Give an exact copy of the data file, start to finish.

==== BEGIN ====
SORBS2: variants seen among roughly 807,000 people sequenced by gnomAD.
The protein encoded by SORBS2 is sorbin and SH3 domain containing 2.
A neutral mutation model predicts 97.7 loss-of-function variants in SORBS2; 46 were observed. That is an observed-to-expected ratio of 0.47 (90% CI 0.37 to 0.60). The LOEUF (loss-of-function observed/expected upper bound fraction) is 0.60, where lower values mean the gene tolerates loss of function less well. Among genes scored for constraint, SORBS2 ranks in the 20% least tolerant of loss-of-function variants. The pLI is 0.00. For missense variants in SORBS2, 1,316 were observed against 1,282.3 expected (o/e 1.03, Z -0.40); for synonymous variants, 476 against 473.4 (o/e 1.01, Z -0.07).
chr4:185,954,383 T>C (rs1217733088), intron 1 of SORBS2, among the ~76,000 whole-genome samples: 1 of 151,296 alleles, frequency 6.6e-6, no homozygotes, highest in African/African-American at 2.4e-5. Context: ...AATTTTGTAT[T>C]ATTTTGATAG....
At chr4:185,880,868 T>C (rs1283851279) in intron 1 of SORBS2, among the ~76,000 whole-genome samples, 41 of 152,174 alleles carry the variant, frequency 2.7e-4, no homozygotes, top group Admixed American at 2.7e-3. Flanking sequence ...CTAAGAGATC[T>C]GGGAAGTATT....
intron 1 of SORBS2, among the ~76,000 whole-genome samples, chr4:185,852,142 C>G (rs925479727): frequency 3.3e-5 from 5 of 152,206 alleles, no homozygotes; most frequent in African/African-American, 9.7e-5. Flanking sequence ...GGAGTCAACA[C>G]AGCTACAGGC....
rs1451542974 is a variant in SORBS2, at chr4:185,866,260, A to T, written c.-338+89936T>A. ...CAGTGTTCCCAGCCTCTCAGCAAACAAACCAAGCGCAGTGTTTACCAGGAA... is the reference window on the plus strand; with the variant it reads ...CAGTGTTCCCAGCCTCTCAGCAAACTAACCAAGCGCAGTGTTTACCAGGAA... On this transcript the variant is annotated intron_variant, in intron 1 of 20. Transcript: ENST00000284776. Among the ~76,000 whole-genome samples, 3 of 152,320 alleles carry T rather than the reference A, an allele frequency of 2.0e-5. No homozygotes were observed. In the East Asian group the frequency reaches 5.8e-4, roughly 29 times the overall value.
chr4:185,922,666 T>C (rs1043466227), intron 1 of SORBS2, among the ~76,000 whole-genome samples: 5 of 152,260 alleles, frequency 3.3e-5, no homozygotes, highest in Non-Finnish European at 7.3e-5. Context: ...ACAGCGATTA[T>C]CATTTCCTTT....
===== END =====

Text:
SORBS2: variants seen among roughly 807,000 people sequenced by gnomAD.
The protein encoded by SORBS2 is sorbin and SH3 domain containing 2.
A neutral mutation model predicts 97.7 loss-of-function variants in SORBS2; 46 were observed. That is an observed-to-expected ratio of 0.47 (90% CI 0.37 to 0.60). The LOEUF (loss-of-function observed/expected upper bound fraction) is 0.60, where lower values mean the gene tolerates loss of function less well. Among genes scored for constraint, SORBS2 ranks in the 20% least tolerant of loss-of-function variants. The pLI is 0.00. For missense variants in SORBS2, 1,316 were observed against 1,282.3 expected (o/e 1.03, Z -0.40); for synonymous variants, 476 against 473.4 (o/e 1.01, Z -0.07).
chr4:185,954,383 T>C (rs1217733088), intron 1 of SORBS2, among the ~76,000 whole-genome samples: 1 of 151,296 alleles, frequency 6.6e-6, no homozygotes, highest in African/African-American at 2.4e-5. Context: ...AATTTTGTAT[T>C]ATTTTGATAG....
At chr4:185,880,868 T>C (rs1283851279) in intron 1 of SORBS2, among the ~76,000 whole-genome samples, 41 of 152,174 alleles carry the variant, frequency 2.7e-4, no homozygotes, top group Admixed American at 2.7e-3. Flanking sequence ...CTAAGAGATC[T>C]GGGAAGTATT....
intron 1 of SORBS2, among the ~76,000 whole-genome samples, chr4:185,852,142 C>G (rs925479727): frequency 3.3e-5 from 5 of 152,206 alleles, no homozygotes; most frequent in African/African-American, 9.7e-5. Flanking sequence ...GGAGTCAACA[C>G]AGCTACAGGC....
rs1451542974 is a variant in SORBS2, at chr4:185,866,260, A to T, written c.-338+89936T>A. ...CAGTGTTCCCAGCCTCTCAGCAAACAAACCAAGCGCAGTGTTTACCAGGAA... is the reference window on the plus strand; with the variant it reads ...CAGTGTTCCCAGCCTCTCAGCAAACTAACCAAGCGCAGTGTTTACCAGGAA... On this transcript the variant is annotated intron_variant, in intron 1 of 20. Transcript: ENST00000284776. Among the ~76,000 whole-genome samples, 3 of 152,320 alleles carry T rather than the reference A, an allele frequency of 2.0e-5. No homozygotes were observed. In the East Asian group the frequency reaches 5.8e-4, roughly 29 times the overall value.
chr4:185,922,666 T>C (rs1043466227), intron 1 of SORBS2, among the ~76,000 whole-genome samples: 5 of 152,260 alleles, frequency 3.3e-5, no homozygotes, highest in Non-Finnish European at 7.3e-5. Context: ...ACAGCGATTA[T>C]CATTTCCTTT....